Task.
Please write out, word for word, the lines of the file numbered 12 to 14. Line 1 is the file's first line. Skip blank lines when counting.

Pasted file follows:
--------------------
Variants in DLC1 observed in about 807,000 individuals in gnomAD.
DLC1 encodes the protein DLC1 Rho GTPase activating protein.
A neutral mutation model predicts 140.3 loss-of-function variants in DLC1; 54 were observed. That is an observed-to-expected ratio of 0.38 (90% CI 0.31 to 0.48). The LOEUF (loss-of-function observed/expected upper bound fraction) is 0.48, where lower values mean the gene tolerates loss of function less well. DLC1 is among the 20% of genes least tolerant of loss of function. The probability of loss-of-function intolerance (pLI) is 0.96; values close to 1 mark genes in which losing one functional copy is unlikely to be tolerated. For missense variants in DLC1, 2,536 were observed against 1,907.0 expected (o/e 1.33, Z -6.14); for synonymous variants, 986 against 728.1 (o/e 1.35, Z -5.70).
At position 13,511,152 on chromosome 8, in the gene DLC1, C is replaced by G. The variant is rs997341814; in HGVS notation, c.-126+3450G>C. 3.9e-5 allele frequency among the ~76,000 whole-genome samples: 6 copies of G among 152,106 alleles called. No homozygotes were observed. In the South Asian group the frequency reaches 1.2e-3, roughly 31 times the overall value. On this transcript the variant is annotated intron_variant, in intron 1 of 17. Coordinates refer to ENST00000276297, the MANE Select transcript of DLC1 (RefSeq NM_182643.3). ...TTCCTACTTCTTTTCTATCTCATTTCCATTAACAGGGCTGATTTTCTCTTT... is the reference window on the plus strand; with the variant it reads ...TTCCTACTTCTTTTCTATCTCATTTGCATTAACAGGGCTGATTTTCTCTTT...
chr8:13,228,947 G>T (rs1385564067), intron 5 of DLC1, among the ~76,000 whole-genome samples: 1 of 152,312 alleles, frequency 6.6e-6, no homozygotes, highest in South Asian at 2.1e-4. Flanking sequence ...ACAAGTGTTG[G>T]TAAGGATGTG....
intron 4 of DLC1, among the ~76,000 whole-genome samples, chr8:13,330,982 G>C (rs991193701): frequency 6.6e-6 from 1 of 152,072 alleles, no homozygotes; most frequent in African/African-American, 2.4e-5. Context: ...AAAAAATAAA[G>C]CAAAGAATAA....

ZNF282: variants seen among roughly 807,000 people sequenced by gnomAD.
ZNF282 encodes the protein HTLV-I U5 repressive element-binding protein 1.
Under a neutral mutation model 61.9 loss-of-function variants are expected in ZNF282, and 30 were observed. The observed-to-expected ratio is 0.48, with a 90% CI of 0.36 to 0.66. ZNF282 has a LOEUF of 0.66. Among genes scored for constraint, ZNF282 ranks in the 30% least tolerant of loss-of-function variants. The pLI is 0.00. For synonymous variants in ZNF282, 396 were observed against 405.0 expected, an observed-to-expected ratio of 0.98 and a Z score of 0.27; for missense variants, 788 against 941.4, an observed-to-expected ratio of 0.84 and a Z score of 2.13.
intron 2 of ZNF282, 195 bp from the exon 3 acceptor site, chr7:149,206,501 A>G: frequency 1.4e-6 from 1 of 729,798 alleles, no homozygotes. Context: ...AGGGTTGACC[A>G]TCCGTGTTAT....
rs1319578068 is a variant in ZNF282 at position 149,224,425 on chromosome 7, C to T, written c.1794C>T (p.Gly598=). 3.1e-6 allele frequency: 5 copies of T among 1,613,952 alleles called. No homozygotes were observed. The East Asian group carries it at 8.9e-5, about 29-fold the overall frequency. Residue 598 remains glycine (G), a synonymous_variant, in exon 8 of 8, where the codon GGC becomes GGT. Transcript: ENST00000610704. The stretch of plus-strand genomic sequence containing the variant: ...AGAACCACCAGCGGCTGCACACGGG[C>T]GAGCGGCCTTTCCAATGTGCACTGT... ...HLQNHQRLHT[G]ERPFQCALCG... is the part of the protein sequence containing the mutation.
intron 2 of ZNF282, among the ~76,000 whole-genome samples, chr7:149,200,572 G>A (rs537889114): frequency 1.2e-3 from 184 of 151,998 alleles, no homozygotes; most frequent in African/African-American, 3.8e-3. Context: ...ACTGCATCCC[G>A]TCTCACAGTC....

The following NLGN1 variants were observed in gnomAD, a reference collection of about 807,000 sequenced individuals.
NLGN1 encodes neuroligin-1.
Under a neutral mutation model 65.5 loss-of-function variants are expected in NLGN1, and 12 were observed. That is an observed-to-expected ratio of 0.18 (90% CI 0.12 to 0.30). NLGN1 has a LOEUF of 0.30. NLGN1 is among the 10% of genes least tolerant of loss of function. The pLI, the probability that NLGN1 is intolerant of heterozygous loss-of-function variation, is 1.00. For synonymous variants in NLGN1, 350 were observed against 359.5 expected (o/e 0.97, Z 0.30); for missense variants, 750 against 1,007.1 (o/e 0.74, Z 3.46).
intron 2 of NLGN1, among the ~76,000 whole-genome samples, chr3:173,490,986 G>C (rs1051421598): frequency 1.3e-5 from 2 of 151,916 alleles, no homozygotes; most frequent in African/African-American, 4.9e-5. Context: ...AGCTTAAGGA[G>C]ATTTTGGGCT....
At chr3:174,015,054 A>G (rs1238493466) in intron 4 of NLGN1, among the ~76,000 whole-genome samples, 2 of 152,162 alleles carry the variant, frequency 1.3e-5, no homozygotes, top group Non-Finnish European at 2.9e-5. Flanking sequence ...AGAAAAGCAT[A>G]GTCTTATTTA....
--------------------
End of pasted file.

intron 2 of ZNF282, among the ~76,000 whole-genome samples, chr7:149,200,572 G>A (rs537889114): frequency 1.2e-3 from 184 of 151,998 alleles, no homozygotes; most frequent in African/African-American, 3.8e-3. Context: ...ACTGCATCCC[G>A]TCTCACAGTC....

The following NLGN1 variants were observed in gnomAD, a reference collection of about 807,000 sequenced individuals.
NLGN1 encodes neuroligin-1.